A modest proposal:
Give mobile device users the option to see open-source licensing when they’re browsing apps in online app stores.
Right now, when an app is labeled “Free”, you have no way of knowing whether that means “no fee to download” or actually means “open source” . Usually it’s the former, but not always. For example, in Android-land’s default online app catalog, Google Play, here is what “Free” looks like:
Which of those are open source? How would you tell?
But if there were an option in Settings, to display the OSI logo for apps distributed under OSI-approved licenses, then it would be easy:
The setting wouldn’t have to be the default (although it’d be great if it were). Those who care can turn it on, and they’ll see the OSI-approved badge next to apps that are open source. (Maybe touching the logo could take the user to more information, such as showing the specific license or the app’s home page.)
Why do I care?
I strongly prefer to install open source apps on my Android devices. When software is open source, I know it will always be maintained as long as it has a user base, and that no one can ever shut it down or take it away. This makes me much more willing to depend on it and invest time in learning it. Because I know other parties are making the same calculation — especially vendors who can provide third-party support — there’s a positive feedback loop, a virtuous circle that ensures I will never be p0wn3d by someone else’s monopoly over the code that runs on my devices.
Before app stores, figuring out whether software was open source was pretty easy. You could look at its documentation, visit its web page, ask your operating system’s package management tool, simply make sure to obtain it from sources known to provide only open source software , etc.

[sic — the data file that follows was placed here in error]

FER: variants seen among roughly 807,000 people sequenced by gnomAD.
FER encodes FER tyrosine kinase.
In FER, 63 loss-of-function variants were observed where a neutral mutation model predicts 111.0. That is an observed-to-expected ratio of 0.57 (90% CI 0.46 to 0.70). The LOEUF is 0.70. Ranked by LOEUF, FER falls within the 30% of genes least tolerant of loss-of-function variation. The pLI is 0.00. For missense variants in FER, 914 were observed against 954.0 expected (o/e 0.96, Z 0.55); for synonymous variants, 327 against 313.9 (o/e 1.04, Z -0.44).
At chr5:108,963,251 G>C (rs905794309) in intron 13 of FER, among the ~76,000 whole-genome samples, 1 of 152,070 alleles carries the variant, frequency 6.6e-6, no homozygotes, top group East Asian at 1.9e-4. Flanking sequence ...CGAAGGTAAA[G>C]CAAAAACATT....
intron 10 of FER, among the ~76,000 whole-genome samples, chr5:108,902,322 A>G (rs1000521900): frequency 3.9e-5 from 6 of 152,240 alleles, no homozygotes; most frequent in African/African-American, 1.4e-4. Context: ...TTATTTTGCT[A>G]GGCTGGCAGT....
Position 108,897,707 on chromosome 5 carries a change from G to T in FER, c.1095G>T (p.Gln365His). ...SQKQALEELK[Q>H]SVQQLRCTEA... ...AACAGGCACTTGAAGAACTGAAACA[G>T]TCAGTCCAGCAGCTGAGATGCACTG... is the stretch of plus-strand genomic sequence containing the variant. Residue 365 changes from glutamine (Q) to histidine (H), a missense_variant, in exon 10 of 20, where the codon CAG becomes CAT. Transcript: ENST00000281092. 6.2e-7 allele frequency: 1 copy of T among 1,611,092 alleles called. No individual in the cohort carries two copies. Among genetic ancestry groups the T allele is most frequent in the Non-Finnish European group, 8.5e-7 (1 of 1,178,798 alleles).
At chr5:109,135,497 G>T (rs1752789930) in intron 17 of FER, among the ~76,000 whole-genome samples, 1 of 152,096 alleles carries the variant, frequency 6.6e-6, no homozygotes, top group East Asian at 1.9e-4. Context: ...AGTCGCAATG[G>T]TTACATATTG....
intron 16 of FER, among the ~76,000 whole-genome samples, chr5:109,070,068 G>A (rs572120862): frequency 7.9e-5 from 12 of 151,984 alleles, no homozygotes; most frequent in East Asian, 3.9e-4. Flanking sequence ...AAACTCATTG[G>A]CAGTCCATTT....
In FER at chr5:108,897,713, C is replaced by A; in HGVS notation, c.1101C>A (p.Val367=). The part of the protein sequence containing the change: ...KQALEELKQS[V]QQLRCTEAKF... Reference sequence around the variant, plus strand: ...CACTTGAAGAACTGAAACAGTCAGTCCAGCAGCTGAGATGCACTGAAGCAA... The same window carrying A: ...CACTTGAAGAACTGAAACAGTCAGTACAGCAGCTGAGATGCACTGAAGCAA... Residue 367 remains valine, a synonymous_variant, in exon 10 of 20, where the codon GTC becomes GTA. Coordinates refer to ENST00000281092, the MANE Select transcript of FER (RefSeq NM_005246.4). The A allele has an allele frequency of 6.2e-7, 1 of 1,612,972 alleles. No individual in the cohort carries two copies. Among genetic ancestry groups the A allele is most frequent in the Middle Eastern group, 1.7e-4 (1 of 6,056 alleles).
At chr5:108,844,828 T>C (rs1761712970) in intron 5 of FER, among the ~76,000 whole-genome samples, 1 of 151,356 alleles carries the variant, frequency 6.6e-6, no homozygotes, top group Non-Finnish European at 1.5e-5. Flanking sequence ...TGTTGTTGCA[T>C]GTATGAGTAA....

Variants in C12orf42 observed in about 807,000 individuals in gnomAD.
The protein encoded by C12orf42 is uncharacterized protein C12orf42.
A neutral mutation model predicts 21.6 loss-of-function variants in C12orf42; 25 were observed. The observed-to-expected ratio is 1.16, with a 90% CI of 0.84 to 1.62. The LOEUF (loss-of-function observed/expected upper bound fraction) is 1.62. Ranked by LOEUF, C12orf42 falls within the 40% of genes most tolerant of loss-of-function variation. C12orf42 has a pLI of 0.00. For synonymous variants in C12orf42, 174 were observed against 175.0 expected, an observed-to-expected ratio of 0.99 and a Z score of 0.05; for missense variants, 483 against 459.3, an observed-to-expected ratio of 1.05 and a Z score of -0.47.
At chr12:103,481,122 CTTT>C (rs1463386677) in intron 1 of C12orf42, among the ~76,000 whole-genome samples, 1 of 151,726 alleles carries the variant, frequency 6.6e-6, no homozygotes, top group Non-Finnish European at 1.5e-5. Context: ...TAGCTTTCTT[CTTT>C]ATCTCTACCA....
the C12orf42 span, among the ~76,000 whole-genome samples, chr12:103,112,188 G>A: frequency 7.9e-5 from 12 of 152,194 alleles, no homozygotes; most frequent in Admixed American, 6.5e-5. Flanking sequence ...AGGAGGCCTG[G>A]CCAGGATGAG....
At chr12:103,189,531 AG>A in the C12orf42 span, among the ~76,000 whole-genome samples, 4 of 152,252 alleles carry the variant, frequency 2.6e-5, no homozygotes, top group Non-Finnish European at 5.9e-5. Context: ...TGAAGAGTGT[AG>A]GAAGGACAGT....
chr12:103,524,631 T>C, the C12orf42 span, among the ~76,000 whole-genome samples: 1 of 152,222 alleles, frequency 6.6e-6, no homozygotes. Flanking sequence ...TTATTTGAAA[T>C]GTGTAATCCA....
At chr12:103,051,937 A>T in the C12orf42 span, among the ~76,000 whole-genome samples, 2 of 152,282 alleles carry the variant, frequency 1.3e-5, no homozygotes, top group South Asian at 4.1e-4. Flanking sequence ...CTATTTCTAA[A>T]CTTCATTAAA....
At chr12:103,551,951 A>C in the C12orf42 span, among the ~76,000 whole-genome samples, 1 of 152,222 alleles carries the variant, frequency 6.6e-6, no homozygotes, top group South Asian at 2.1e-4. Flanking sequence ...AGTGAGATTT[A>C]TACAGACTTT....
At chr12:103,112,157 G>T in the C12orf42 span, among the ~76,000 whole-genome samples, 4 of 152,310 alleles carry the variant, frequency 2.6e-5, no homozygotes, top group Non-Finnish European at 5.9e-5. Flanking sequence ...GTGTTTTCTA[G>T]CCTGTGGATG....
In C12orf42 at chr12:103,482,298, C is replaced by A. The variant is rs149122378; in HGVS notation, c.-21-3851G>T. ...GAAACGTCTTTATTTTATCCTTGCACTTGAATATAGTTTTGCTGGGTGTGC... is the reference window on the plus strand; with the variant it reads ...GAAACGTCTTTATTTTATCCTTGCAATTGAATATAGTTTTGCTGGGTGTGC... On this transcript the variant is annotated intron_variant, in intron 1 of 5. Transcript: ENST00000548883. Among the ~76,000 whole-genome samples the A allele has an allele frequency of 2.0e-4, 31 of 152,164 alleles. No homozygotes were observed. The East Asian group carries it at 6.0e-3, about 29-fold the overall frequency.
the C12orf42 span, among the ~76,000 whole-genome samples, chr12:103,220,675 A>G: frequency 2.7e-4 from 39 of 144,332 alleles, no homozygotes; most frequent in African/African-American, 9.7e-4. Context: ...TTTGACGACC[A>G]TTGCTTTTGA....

So the question “Is this open source?” was generally easy to answer, as were the related questions “If it’s open source, where’s the development site? Where’s the bug tracker? Where’s the development community? Where can I get third-party support?”
But mobile app development culture isn’t there yet. I think there are two main reasons for this:
First, app developers have only partial control over how their apps are presented to users: presentation is now centralized in the app stores, so the store admins determine a lot.
Second, the app store way is that users pay a small fee (sometimes zero, but often in the $1 to $5 range) for downloading an app, and the stores haven’t yet made it easy for people to pay that fee even for apps clearly labled as open source. Depending on how you look at it, the fee would then be either a donation, or a convenience fee instead of a license fee. It could also have a set-your-own-price option, so that the app developers don’t have to decide in advance what people are willing to pay. In any case, there’s no reason open source developers shouldn’t have a chance to make it easy for users to send them money (and yes, people really will) — it’s just that the app stores haven’t provided a mechanism for it yet, because they’re not yet distinguishing between “no fee required” and “freedom”.
The ability to at least see open source would be a good place to start.
 Disclaimer: I’m a director at the Open Source Initiative, but in this post am speaking only for myself. I think this might be an interesting idea for the OSI to push for, though! Comments welcome.
 The Debian GNU/Linux operating system makes this particularly easy, by providing open source packages by default, offering non-open-source ones via a clearly-labeled alternate route, and offering vrms so you can get a licensing report at any time.